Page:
I heard about this Trail late 2017 on social media and thought I’d love to walk it. Starting in Bangor and walking a ‘leaf-shaped’ route (including stem) the route passes through several well-known areas within Snowdonia – Llanberis, Bethesda, Nantelle, Llan Ffestiniog etc.
I decided, as I only had one day, that I’d walk the first two sections Bangor to Bethesda and on to Llanberis before getting the bus back to Bangor.
I’d love to have walked the complete 83-mile route but time will not allow this year and I just wanted to get out and walk.
The trail starts at Porth Penrhyn, near the castle, along the quiet tree-lined cycleway along Lon Las Ogwen river.
Along the first part of the route, there are several signs to explain about the slate trade and how horses were used on the viaducts to move large quantities to the port for shipment elsewhere.
The first part of this route is low level, flat and absolutely beautiful. I met a couple of dog walkers and runners but it was peaceful overall. There were a couple of geocaches along this route, in fact along all of the routes, but none connected to the route. Hopefully, someone will decide to plan a series along this part connected to the trail as I passed a lot of opportunities for them to do so.
So I happily strolled along, following the guide book’s instructions until I reached the A55. Now in the book, it states that you keep the A55 to your left… which I did, and ended up at the A5/A55 junction! Only then did I look at the map within the guidebook and saw that it should have said ‘Right’, not ‘left’. Luckily, I’m a good navigator so it didn’t take long to cross and field and rejoin the route where I was meant to be. Later on, looking at the website and just about the email the error, I found that they already knew about it:
I learnt two lessons that day. One, check the map as well as the description and two, check the website before travelling out! Rookie mistakes.
Continuing on, I found a good geocache and crossed Afon Ogwen, where I took a moment to admire the bridge’s structure and the river views.
Moving on, I followed various signs that took me through a small village then into Bethesda high street where everything was closed as it was Sunday! So, no cup of tea for me at Caffi Coed y Brenin (king’s wood cafe), which the guide recommended.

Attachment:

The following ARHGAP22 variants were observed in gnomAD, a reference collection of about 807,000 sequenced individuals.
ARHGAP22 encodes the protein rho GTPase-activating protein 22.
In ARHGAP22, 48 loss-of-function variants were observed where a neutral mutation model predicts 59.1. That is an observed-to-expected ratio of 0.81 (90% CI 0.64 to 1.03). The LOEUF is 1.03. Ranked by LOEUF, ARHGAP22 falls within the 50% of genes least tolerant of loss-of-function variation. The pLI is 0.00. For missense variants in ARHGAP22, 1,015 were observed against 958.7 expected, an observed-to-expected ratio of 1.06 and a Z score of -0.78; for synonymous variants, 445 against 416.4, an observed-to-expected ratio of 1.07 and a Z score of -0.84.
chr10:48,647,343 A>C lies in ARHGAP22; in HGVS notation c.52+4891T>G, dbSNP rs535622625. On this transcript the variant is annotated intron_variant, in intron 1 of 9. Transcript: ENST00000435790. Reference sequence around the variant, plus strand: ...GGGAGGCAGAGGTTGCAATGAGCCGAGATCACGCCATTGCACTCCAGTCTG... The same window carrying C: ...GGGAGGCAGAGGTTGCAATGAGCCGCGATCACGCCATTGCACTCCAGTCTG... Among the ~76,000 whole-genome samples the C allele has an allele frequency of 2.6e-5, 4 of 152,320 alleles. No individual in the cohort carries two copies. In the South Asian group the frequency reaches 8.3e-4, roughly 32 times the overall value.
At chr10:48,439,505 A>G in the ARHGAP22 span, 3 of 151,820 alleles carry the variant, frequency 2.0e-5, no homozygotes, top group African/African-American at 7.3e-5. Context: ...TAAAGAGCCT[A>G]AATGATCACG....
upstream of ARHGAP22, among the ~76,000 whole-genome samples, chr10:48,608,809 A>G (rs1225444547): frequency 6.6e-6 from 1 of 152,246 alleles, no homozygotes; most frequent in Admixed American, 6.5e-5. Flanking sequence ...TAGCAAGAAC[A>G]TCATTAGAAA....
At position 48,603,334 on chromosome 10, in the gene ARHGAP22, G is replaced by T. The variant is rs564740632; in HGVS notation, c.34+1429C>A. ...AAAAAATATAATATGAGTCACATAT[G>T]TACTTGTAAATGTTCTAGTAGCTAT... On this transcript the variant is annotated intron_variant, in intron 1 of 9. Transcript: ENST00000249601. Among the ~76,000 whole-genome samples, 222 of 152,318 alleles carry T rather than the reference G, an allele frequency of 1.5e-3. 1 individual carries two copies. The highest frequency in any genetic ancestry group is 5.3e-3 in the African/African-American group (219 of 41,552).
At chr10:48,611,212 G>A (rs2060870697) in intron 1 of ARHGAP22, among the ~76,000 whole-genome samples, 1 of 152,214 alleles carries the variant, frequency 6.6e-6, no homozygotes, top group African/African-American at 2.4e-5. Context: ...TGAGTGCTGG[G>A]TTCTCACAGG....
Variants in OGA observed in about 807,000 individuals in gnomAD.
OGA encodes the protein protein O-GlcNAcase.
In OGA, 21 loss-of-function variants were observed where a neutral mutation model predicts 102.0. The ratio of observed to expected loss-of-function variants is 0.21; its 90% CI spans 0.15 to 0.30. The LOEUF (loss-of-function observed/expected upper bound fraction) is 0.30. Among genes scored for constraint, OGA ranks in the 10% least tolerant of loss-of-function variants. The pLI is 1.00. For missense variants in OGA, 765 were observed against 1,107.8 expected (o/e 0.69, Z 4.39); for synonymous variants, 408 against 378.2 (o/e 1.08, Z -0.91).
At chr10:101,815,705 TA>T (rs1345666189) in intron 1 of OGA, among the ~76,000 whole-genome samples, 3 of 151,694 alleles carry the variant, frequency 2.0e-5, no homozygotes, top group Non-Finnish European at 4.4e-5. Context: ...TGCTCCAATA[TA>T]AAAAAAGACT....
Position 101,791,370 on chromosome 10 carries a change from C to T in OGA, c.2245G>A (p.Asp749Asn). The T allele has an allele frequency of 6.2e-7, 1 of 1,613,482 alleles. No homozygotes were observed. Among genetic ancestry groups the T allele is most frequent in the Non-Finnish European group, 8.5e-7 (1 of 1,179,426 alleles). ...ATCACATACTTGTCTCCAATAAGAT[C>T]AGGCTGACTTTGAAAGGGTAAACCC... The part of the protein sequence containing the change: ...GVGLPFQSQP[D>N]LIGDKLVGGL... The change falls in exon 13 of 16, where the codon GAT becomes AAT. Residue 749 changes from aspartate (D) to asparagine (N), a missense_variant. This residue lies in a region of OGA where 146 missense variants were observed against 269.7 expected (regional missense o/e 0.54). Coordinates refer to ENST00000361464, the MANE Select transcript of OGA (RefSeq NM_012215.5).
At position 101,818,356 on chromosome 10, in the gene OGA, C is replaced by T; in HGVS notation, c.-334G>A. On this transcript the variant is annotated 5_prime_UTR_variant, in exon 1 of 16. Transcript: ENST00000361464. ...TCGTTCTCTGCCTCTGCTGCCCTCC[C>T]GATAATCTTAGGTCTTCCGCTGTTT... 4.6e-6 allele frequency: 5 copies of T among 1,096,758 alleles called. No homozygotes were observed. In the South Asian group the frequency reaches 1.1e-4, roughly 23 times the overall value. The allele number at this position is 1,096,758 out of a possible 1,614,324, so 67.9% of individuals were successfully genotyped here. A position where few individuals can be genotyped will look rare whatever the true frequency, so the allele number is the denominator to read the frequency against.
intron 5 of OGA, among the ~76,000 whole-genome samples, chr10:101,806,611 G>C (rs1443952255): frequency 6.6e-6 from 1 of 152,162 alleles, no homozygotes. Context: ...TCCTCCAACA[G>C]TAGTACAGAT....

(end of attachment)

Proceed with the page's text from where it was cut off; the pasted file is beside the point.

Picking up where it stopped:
This section didn’t seem like it was the 6.3miles the book suggested it was. I suppose because I was enjoying the countryside so much and making detours to find road junctions and geocaches my mind wasn’t aware of the distance.
I pushed on the Llanberis. As I had left Bangor at 8am I knew I would have time to walk both these sections in a day and get the bus back without hassle.
At the High Street, I continued on to walk along the river and up the road towards Mynydd Llandegai. Here I passed one very noisy dog who was awoken from his guard duties at my presence outside his area.
Passing through the small hamlet of Gefnan, I was now on the access ground and into open moorland. It was at this point that the clouds decided to open and rain (gently) upon me. The cows I encountered took one look and wandered off, probably in search of dryer ground elsewhere.
So, plodding along and crossing many bogs and streams (that seemed to find my feet easily), I pondered about the slate trade around this area. It is evident to see the impact it has had on the countryside due to the heavy quarrying, with large chunks missing, but also its usefulness in terms of building houses, fences etc.
My GPS decided to die on me so it didn’t record all of the route sadly. I’m surprised it even managed 5 hours. I have yet to find where I have packed the charger in my van so it may stay dead for a little while longer…
Near the end of the route, it takes you through parts of the 800 acres, Padarn Country Park with some stunning views over Llyn Padarn, a 3 mile long, 30m deep glacial formed lake that we visited a few days before on the course.
On the boundary of the county park, I found the Quarry Hospital – a museum housing the restored ward, operating theatre and various gruesome 19th Century hospital equipment that once served the slate miners who were injured in the nearby quarry.
I didn’t have time to properly look inside the Slate Museum. I arrived at a leisurely pace at about half-past three, taking in the various geocaches, museum and old buildings whilst on route, and the Slate Museum was only open for another half an hour, so decided that I’ll come back another day to look inside and ride the Llanberis Lake Railway (though I did have a sausage roll at the station).
The bus ride back was simple enough. The buses don’t run late in Snowdonia I found out, so made sure I was there on time. A bargain price of £3 one-way 50-minute journey from Llanberis to Bangor with bus wifi! It took a very scenic route through some very tiny villages (never have I been on a bus that needs to reverse to turn around).
So, that’s my first weekend in Bangor done! This upcoming weekend the entire PGCE trainee group is off to a residential centre, so I’m sure that will be fun.
I thoroughly enjoyed myself on this route and will look to complete the next section Llanberis to Beddgelert (20miles) another free day.